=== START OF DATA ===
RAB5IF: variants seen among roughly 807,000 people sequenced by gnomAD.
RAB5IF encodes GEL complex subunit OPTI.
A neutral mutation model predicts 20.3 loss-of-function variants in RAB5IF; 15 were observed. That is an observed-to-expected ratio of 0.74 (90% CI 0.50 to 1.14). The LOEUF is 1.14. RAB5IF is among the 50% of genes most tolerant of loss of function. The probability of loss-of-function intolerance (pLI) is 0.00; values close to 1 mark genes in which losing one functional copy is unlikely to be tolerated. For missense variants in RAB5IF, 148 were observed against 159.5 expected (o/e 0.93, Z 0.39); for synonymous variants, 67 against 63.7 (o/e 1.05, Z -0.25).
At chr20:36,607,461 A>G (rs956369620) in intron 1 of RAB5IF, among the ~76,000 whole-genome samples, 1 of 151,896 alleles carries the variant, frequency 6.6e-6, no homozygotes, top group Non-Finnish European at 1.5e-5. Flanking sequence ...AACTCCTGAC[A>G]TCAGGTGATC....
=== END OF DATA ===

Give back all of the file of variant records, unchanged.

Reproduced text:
RAB5IF: variants seen among roughly 807,000 people sequenced by gnomAD.
RAB5IF encodes GEL complex subunit OPTI.
A neutral mutation model predicts 20.3 loss-of-function variants in RAB5IF; 15 were observed. That is an observed-to-expected ratio of 0.74 (90% CI 0.50 to 1.14). The LOEUF is 1.14. RAB5IF is among the 50% of genes most tolerant of loss of function. The probability of loss-of-function intolerance (pLI) is 0.00; values close to 1 mark genes in which losing one functional copy is unlikely to be tolerated. For missense variants in RAB5IF, 148 were observed against 159.5 expected (o/e 0.93, Z 0.39); for synonymous variants, 67 against 63.7 (o/e 1.05, Z -0.25).
At chr20:36,607,461 A>G (rs956369620) in intron 1 of RAB5IF, among the ~76,000 whole-genome samples, 1 of 151,896 alleles carries the variant, frequency 6.6e-6, no homozygotes, top group Non-Finnish European at 1.5e-5. Flanking sequence ...AACTCCTGAC[A>G]TCAGGTGATC....